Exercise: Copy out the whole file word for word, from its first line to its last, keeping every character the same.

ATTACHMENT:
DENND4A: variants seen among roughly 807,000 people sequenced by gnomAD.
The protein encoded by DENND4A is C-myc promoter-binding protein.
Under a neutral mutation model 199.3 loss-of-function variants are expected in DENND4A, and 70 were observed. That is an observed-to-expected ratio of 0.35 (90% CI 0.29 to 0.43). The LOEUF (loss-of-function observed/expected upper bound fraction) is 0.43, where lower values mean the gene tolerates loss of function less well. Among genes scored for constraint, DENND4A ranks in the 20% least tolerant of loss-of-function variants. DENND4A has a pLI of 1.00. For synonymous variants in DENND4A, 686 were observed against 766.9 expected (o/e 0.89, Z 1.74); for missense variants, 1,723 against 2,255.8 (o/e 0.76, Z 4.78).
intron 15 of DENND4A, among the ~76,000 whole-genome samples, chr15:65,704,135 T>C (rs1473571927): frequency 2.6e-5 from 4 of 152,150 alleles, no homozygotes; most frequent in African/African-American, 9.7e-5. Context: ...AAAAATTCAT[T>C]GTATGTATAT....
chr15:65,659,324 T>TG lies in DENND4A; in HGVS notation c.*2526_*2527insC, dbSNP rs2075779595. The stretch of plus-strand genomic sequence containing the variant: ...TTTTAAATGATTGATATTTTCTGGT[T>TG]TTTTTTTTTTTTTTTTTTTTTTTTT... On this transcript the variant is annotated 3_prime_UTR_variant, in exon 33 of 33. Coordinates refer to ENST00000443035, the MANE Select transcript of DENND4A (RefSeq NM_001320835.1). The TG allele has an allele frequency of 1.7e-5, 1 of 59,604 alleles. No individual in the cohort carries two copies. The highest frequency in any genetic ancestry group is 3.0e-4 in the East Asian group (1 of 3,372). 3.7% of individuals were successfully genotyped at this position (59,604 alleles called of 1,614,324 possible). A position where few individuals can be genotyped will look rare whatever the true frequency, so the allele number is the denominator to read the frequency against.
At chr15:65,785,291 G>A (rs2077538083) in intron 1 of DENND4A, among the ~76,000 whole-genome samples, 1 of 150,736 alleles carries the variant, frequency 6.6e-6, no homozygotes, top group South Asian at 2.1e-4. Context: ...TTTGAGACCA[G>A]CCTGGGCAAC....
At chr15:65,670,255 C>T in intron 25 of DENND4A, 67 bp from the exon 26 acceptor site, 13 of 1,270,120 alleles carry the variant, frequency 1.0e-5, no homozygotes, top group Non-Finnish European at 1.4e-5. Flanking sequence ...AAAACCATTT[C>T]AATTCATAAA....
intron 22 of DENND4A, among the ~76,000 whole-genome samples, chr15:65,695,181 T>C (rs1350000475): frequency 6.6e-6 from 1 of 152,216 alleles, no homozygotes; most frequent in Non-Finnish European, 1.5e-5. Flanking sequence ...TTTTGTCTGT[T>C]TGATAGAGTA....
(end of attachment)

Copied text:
DENND4A: variants seen among roughly 807,000 people sequenced by gnomAD.
The protein encoded by DENND4A is C-myc promoter-binding protein.
Under a neutral mutation model 199.3 loss-of-function variants are expected in DENND4A, and 70 were observed. That is an observed-to-expected ratio of 0.35 (90% CI 0.29 to 0.43). The LOEUF (loss-of-function observed/expected upper bound fraction) is 0.43, where lower values mean the gene tolerates loss of function less well. Among genes scored for constraint, DENND4A ranks in the 20% least tolerant of loss-of-function variants. DENND4A has a pLI of 1.00. For synonymous variants in DENND4A, 686 were observed against 766.9 expected (o/e 0.89, Z 1.74); for missense variants, 1,723 against 2,255.8 (o/e 0.76, Z 4.78).
intron 15 of DENND4A, among the ~76,000 whole-genome samples, chr15:65,704,135 T>C (rs1473571927): frequency 2.6e-5 from 4 of 152,150 alleles, no homozygotes; most frequent in African/African-American, 9.7e-5. Context: ...AAAAATTCAT[T>C]GTATGTATAT....
chr15:65,659,324 T>TG lies in DENND4A; in HGVS notation c.*2526_*2527insC, dbSNP rs2075779595. The stretch of plus-strand genomic sequence containing the variant: ...TTTTAAATGATTGATATTTTCTGGT[T>TG]TTTTTTTTTTTTTTTTTTTTTTTTT... On this transcript the variant is annotated 3_prime_UTR_variant, in exon 33 of 33. Coordinates refer to ENST00000443035, the MANE Select transcript of DENND4A (RefSeq NM_001320835.1). The TG allele has an allele frequency of 1.7e-5, 1 of 59,604 alleles. No individual in the cohort carries two copies. The highest frequency in any genetic ancestry group is 3.0e-4 in the East Asian group (1 of 3,372). 3.7% of individuals were successfully genotyped at this position (59,604 alleles called of 1,614,324 possible). A position where few individuals can be genotyped will look rare whatever the true frequency, so the allele number is the denominator to read the frequency against.
At chr15:65,785,291 G>A (rs2077538083) in intron 1 of DENND4A, among the ~76,000 whole-genome samples, 1 of 150,736 alleles carries the variant, frequency 6.6e-6, no homozygotes, top group South Asian at 2.1e-4. Context: ...TTTGAGACCA[G>A]CCTGGGCAAC....
At chr15:65,670,255 C>T in intron 25 of DENND4A, 67 bp from the exon 26 acceptor site, 13 of 1,270,120 alleles carry the variant, frequency 1.0e-5, no homozygotes, top group Non-Finnish European at 1.4e-5. Flanking sequence ...AAAACCATTT[C>T]AATTCATAAA....
intron 22 of DENND4A, among the ~76,000 whole-genome samples, chr15:65,695,181 T>C (rs1350000475): frequency 6.6e-6 from 1 of 152,216 alleles, no homozygotes; most frequent in Non-Finnish European, 1.5e-5. Flanking sequence ...TTTTGTCTGT[T>C]TGATAGAGTA....